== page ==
Since the interior rearview mirror was rendered useless, it was removed to improve forward visibility. To address rearward visibility, an Eclipse entertainment system featuring a 1080p CMOS sensor rearview camera was installed by the good folks at Audio Adrenaline in Prescott Valley, Arizona. While they were at it, they also added Dynamat and upgraded the speakers throughout the cab.
After trying out the seats in Editor Chris Cordes’ Ford Excursion, I replaced my factory 60/40 split-bench front with a pair of black leather Scheel-Mann Vario XL seats. My interior was born tan but has always identified as black. It is currently undergoing aerosol dye transition therapy.
With the bench seat gone, I needed a console. I shopped for a used OEM Ford console but decided upon a steel Tuffy Security Products universal-fitment version instead. This thing is built like a bank vault.
I frankly don’t see any reason to go with anything other than a smart device for my navigational needs (and I’m an Apple guy to the core), which means I generally own the latest iPhone and iPad. I looked at a lot of different mounting hardware options but ended up choosing the ubiquitous and rugged RAM mount system. I use this exact mounting system for my on-camera HD video monitors and GoPros, so I always have plenty of RAM hardware on hand.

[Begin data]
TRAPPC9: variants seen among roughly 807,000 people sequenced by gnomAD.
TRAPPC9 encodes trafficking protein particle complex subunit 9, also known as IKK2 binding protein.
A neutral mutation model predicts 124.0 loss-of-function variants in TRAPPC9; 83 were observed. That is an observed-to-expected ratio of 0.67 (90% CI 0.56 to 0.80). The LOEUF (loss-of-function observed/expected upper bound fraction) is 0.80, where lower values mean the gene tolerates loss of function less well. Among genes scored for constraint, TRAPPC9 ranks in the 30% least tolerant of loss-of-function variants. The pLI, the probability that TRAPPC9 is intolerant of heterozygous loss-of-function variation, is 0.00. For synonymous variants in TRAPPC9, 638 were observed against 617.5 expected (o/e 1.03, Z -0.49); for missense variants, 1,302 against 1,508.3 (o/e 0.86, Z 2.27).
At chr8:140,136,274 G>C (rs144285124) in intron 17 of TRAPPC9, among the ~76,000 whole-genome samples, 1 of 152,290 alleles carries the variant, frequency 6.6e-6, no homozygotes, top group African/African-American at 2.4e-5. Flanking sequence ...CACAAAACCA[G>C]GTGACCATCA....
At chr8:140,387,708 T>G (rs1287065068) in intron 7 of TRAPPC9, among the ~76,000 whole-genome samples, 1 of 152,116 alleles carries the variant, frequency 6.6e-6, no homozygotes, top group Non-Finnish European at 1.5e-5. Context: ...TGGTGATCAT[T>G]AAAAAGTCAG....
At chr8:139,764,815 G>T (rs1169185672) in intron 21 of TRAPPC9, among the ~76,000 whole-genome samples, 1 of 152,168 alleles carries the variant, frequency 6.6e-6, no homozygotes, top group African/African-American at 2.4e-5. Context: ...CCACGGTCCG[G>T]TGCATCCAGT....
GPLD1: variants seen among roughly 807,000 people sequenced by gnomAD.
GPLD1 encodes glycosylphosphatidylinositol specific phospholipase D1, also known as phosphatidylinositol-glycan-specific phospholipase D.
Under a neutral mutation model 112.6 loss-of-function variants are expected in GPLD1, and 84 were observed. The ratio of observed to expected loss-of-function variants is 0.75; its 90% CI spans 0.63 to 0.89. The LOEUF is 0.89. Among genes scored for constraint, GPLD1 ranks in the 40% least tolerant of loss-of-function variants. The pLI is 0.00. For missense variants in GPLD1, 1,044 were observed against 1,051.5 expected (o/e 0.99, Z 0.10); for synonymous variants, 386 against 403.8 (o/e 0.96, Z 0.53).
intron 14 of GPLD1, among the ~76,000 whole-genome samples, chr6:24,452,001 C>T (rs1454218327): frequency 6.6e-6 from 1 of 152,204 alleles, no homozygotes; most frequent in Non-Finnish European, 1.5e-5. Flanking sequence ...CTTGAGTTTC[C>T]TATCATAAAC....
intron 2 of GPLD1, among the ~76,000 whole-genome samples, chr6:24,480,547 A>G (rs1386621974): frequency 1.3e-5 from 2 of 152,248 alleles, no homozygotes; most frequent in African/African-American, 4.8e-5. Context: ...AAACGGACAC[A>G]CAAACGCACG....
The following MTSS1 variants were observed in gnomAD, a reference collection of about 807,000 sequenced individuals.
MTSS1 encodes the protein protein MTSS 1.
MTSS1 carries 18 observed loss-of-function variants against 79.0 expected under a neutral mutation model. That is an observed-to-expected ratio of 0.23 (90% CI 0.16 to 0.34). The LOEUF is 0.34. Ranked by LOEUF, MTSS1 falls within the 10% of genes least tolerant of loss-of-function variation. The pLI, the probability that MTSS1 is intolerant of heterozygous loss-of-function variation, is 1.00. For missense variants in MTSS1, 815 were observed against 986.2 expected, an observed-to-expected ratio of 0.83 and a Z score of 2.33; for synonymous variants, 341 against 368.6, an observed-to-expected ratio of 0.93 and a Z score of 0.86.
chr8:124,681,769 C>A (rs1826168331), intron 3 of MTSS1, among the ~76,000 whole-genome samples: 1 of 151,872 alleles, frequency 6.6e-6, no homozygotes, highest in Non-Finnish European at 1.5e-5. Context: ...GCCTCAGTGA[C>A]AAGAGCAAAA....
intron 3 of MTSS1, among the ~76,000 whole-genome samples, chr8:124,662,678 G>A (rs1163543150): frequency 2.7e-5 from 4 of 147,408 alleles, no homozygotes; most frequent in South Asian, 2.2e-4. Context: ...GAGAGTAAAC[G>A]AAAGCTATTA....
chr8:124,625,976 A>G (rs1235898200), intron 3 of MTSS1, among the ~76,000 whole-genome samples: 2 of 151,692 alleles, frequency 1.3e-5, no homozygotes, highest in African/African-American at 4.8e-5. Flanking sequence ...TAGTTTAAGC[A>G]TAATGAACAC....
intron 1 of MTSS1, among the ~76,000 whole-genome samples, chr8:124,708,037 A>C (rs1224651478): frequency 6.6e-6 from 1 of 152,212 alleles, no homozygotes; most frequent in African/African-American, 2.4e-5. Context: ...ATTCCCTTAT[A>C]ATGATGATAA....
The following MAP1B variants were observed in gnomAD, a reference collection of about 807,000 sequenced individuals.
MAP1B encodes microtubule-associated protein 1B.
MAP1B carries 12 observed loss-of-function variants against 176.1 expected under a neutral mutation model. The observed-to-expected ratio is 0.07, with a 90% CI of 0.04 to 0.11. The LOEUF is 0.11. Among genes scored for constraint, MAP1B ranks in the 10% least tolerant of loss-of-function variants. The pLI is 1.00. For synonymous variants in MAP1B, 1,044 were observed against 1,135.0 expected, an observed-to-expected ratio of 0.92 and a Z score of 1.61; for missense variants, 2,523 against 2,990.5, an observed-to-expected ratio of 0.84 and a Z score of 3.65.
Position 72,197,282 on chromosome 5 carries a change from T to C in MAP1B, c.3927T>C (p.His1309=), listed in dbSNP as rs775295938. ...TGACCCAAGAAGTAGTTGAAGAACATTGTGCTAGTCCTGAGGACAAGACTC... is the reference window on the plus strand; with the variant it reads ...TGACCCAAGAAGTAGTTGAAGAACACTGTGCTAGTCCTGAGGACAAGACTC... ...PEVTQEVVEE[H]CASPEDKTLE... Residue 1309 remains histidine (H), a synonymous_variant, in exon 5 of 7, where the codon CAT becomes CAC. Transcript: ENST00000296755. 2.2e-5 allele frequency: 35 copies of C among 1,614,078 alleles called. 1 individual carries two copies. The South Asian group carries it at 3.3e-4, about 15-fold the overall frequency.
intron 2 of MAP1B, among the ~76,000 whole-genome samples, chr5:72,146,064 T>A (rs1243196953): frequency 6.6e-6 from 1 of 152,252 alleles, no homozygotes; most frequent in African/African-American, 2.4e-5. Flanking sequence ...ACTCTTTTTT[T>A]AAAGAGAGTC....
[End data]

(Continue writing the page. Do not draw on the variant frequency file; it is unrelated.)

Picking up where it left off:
To help maintain safety in sudden-stop snake-snatching situations, I also have an emergency strobe-light system. These programmable flash units were professionally installed within the OEM backup and headlight housings by the can-do guys at AT Overland, as mentioned above, I’m a huge fan of LED lighting sources for my fashion and beauty work so selecting the ARB Intensity LED spot and fog lights for the front of the truck was a no-brainer. LEDs are super tough and have seriously long lives. The foglight’s beam pattern, in particular, seems like it will be sensational for scanning the shoulders for small scaly suspects.
I wanted side-facing campsite illumination but found permanently mounted LED units to be too limited in their utility. By adding RAM 1-inch balls to the bases of my rechargeable, color-correct, dimmable, waterproof, Light & Motion Stella Pro 1000 LED lights I now have light sources that can be mounted at several locations around the truck yet quickly detached for use anywhere—land or sea, and they are positively brilliant.
While my Venomous Snakes Onboard warning stickers might dissuade literate thieves from breaking into my vehicle, I also have a sophisticated pager-style alarm system from a company named Python. Appropriate, I thought, for keeping my slippery subjects safe and secure.
Meet my head of security. He’s an outgoing fella who simply loves giving long hugs to strangers.